Viral clearance was obtained only after mAbs cocktail administration, while remdesivir and convalescent plasma failed in this regard. Prolonged (10-day) or repeated courses of remdesivir were used in immunocompromised patients with alternate results [13, 21, 22, 28]. New oral antivirals against SARS-CoV-2 (molnupiravir and nirmatrelvir/ritonavir) are currently available and widely used in acute COVID-19 patients as the drugs have demonstrated high efficacy in reducing disease progression, but data on their use in patients with prolonged SARS-CoV-2 shedding are lacking. Passive immunization proved to be effective in treating COVID-19 patients with genetic or pharmacological B cell depletion [26, 27, 29]. Currently, convalescent plasma is no longer considered among the standard regimens for COVID-19 treatment due to the unfavorable results obtained from clinical trials [30, 31].

Moreover, a strong selection on SARS-CoV-2 has been reported after convalescent plasma therapy in immunosuppressed individuals, leading to the emergence of viral variants with reduced susceptibility to neutralizing antibodies [12, 21, 22, 32]. Interestingly, the presence of mutations was more frequently observed in samples of days 143 and 207 compared to the earliest available one, and it led to the identification of multiple intra-host microevolution pathways considering the 7-month period of infection. Recurrent deletion regions (RDRs), which map in defined antibody epitopes, were described as sites able to accelerate SARS-CoV-2 antigenic evolution [33]. In this specific case, the viral subpopulation with Δ141–144 might have been selected after the convalescent plasma infusion (days 101 and 172), thus replacing the wild-type subpopulation, identified in the first sample. Moreover, the M85-V86 deletion in ORF1a, which emerged since day 143, might play a role in the regulation of cellular mRNA stability and in suppressing host innate immune functions [20].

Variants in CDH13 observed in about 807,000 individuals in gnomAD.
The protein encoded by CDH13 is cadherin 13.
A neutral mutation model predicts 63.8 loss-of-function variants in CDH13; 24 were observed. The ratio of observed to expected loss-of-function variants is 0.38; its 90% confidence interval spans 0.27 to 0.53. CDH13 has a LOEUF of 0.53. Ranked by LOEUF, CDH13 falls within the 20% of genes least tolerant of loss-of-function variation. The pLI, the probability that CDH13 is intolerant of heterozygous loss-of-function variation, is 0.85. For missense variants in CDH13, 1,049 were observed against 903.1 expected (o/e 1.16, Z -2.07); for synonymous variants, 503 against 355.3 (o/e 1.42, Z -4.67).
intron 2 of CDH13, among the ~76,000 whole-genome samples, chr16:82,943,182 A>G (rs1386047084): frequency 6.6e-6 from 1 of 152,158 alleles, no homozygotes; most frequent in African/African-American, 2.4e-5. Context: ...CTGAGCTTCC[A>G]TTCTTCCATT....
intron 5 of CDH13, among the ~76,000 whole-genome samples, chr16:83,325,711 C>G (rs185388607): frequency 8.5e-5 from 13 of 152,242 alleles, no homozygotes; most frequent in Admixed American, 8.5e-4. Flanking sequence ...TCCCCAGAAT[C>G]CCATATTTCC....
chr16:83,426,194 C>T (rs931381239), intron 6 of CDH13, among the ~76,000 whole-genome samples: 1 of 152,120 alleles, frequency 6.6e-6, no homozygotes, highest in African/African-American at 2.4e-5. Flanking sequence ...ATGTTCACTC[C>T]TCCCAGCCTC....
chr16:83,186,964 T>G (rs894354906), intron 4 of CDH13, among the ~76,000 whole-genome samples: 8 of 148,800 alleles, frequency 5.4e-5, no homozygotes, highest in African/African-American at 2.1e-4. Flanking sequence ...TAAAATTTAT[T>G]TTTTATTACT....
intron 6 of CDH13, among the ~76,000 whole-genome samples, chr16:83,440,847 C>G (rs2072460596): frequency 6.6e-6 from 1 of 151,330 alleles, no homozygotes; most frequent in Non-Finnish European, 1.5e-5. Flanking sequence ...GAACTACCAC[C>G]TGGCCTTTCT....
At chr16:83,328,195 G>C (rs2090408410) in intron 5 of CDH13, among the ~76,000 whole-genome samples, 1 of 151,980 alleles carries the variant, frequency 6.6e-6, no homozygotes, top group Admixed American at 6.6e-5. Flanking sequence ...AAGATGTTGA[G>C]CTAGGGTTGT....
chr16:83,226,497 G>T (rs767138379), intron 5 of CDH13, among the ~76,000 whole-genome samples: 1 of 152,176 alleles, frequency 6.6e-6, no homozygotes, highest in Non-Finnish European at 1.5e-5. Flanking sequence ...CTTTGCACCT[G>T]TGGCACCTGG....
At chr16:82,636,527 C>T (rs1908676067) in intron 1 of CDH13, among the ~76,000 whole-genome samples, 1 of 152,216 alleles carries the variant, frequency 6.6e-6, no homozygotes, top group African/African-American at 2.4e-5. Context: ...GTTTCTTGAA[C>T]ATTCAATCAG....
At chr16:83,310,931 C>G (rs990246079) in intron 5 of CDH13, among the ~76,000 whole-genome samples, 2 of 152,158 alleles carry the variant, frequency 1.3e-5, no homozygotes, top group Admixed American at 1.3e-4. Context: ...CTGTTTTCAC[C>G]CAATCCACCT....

Conversely, SARS-CoV-2-specific mAbs demonstrated to be effective in preventing COVID-19 progression and hospitalization, especially when administered in the early phase of the infection and in patients at higher risk of poor outcome, such as the immunocompromised ones [34, 35]. In addition, according to our and other reports, mAbs could have a role also in clearing infection of patients with humoral immunity deficiency, which developed persistent SARS-CoV-2 shedding [19, 21]. Considering the identification of multiple intra-host microevolution pathways, as indicated by the presence of spurious mutations (Table 1) and more frequently observed in samples of days 143 and 207, a tailored treatment is crucial not only for the life quality of these patients, but also for countering the tendency of SARS-CoV-2 to rapidly evolve during the prolonged period of infection [19].


The complex interaction between SARS-CoV-2 and host immunity is far to be fully disclosed. In immunocompromised patients, SARS-COV-2 infections can exhibit a variety of clinical, virological, and immunological courses. Our case suggests that people with highly impaired B- and T-cell adaptive immunity can prevent COVID-19 progression to severe complications, even if they are unable to clear SARS-CoV-2 infection. This condition can result in a long-term status of asymptomatic SARS-CoV-2 carriage, sustained by multiple viral subpopulations that apparently evolved intra-host during infection.